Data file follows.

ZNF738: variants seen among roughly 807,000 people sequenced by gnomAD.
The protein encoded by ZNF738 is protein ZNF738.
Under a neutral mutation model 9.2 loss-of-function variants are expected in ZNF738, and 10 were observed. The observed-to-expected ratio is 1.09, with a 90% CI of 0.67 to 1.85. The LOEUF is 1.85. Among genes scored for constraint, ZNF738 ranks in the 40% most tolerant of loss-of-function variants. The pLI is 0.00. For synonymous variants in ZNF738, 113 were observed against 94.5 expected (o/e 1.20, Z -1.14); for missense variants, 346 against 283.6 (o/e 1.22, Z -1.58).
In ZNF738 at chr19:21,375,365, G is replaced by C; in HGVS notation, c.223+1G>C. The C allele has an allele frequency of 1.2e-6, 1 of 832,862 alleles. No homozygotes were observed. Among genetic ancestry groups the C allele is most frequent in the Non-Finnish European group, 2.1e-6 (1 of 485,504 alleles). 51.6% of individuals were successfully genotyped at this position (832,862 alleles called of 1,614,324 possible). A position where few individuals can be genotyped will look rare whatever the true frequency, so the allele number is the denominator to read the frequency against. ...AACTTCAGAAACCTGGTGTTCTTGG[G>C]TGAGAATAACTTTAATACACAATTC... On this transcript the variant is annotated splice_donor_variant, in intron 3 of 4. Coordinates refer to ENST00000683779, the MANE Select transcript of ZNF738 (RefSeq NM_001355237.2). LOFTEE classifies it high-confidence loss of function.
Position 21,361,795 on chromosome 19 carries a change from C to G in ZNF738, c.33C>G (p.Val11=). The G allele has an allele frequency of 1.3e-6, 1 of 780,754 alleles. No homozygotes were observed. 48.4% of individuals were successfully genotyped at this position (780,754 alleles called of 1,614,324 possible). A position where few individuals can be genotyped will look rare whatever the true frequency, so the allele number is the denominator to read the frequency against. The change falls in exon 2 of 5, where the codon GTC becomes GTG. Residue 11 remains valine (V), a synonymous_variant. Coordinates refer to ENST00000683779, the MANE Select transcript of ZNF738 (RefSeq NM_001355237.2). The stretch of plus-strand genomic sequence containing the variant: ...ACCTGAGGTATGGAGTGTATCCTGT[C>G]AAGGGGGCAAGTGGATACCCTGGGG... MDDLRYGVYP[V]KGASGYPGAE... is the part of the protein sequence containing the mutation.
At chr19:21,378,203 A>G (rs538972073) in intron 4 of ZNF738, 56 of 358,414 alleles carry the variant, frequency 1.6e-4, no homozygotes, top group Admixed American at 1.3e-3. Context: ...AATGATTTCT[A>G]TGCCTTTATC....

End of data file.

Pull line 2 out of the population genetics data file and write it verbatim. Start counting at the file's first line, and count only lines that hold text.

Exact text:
The protein encoded by ZNF738 is protein ZNF738.